Processing Plant Loses OSHA Appeal Process

spveck-wpmain-000001610698-gavel-300x241In May 2012, the Occupational Safety and Health Administration (OSHA) cited MB Consultants Ltd. (also operating under the name Murray’s Chickens) for several health violations, after the company failed to train its employees about hazardous chemical exposure.

At MB’s chicken processing plant in South Fallsburg, New York, workers disinfected chicken carcasses with chlorine bleach and Perasafe, an antimicrobial agent containing peracetic acid, hydrogen peroxide and acetic acid.

Workers complained to inspectors about respiratory symptoms and rashes, which were consistent with Perasafe’s harmful health effects. OSHA requires employers to train their staff on hazardous chemical procedure and provide training to help them avoid exposure, but MB Consultants failed to do so.

The processing plant also failed to train workers in OSHA-mandated lockout/tagout procedures, to keep workers from slicing or crushing their limbs by reaching into a machine that is being serviced or repaired. Two employees had already been injured attempting to clear jams in equipment without knowledge of proper procedures.

MB Consultants appealed the charges to the independent Occupational Safety and Health Review Commission, but an Albany judge ruled against them this past May, arguing the citations would stand. The facility will be forced to pay the fines and make the required changes or risk further punitive actions.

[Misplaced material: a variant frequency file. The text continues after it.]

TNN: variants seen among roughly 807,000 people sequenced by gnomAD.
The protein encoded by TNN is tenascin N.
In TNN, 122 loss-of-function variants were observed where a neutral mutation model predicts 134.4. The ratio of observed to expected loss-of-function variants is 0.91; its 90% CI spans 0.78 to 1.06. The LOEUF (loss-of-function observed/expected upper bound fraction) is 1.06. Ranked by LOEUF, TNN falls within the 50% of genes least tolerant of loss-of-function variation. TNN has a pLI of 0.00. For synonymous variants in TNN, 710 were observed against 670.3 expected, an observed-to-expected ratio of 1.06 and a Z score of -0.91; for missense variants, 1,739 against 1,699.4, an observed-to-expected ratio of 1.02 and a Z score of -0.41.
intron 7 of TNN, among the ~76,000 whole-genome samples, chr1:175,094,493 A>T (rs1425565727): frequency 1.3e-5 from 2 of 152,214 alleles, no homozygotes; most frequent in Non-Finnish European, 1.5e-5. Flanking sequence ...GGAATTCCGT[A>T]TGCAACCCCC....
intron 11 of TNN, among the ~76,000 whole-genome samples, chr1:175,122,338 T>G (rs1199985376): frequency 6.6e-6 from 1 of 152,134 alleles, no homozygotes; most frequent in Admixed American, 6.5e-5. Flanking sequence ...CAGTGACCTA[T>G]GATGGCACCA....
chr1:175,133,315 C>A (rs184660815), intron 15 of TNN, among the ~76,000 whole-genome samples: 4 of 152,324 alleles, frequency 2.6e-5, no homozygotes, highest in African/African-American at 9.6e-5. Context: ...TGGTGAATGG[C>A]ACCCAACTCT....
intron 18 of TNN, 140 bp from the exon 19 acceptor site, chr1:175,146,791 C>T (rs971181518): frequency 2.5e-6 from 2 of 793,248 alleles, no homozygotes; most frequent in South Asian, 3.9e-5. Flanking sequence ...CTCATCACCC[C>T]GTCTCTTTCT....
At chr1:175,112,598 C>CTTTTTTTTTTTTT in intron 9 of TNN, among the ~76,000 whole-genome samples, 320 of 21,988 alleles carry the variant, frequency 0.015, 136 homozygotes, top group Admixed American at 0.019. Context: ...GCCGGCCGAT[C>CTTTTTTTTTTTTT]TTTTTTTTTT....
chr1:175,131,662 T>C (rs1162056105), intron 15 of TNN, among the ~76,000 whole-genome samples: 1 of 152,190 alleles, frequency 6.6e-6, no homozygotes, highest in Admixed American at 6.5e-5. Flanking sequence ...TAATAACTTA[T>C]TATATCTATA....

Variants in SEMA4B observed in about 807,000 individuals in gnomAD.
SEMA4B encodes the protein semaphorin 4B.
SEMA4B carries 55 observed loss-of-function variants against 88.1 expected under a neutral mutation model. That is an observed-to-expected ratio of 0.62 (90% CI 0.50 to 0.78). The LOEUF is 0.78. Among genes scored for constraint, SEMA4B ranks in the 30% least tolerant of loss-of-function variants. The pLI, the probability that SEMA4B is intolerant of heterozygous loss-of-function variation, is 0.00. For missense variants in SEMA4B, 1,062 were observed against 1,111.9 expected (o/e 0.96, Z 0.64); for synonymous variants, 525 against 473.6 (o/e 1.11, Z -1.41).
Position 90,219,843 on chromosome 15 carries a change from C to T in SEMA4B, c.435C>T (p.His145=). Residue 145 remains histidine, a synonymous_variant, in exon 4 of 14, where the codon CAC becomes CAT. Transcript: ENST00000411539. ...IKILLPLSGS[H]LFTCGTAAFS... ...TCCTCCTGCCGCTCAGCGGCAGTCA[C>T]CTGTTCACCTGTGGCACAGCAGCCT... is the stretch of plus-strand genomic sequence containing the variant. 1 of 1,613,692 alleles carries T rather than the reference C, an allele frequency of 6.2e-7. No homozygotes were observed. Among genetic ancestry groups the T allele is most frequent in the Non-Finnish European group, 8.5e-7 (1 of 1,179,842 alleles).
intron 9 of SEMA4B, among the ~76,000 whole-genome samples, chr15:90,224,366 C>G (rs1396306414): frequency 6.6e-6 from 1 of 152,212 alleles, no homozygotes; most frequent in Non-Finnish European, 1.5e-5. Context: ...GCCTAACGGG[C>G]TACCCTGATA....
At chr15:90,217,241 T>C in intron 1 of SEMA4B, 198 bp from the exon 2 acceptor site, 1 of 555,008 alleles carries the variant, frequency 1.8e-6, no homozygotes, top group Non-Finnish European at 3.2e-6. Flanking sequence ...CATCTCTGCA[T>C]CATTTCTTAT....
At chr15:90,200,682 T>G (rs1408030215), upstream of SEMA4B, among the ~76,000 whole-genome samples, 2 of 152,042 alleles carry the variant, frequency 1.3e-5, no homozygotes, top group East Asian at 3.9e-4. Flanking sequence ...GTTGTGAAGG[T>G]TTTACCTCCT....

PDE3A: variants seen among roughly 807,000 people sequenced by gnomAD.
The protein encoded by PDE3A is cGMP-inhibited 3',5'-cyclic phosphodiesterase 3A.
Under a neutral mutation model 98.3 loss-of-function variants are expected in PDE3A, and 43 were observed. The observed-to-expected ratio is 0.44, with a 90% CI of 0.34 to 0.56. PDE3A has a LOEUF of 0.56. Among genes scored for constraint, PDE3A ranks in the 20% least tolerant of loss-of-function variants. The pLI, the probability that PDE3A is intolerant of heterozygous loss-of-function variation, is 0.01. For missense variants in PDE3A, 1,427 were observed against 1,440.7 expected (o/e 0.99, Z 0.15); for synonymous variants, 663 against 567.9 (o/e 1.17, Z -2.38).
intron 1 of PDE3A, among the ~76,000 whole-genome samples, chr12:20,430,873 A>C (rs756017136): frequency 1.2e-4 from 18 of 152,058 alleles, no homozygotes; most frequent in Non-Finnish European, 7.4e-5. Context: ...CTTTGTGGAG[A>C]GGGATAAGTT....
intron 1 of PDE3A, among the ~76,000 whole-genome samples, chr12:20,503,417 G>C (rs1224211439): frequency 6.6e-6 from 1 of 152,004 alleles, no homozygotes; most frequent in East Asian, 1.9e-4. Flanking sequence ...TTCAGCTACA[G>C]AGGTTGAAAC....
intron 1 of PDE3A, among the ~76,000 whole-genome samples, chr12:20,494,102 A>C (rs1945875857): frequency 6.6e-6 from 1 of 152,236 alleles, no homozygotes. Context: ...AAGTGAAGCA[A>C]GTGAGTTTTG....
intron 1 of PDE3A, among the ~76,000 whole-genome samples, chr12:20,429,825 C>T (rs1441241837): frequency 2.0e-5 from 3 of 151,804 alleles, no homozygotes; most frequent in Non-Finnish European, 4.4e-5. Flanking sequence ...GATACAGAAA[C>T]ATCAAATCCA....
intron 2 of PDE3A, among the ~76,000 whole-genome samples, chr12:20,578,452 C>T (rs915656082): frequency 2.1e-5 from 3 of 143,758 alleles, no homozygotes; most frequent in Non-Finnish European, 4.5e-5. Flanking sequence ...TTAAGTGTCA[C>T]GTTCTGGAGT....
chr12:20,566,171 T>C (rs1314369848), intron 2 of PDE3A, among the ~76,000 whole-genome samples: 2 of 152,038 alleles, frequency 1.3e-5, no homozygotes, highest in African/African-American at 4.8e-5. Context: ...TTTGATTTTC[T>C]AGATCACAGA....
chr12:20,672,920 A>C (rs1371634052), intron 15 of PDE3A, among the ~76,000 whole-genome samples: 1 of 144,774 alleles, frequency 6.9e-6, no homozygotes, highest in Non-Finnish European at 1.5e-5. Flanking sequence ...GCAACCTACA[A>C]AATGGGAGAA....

Some employers work hard to avoid responsibility for safety hazards, even when it is clear that their employees are suffering. OSHA tries to monitor most workplaces, but it cannot catch every infraction.

Do I Need a New Jersey Workers’ Comp Attorney?

Employers must provide their workers with the training and information they need to do their job safely. If your boss is cutting corners, the attorneys at Spevack Law Firm want to hear from you. Call today to learn more about your rights as a worker and discuss your legal options.

[Did You Know: Peracetic acid exposure can lead to irritation in the throat and lungs, nausea, vomiting and severe burns on the skin.]

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Source: https://www.osha.gov/pls/oshaweb/owadisp.show_document?p_table=NEWS_RELEASES&p_id=26826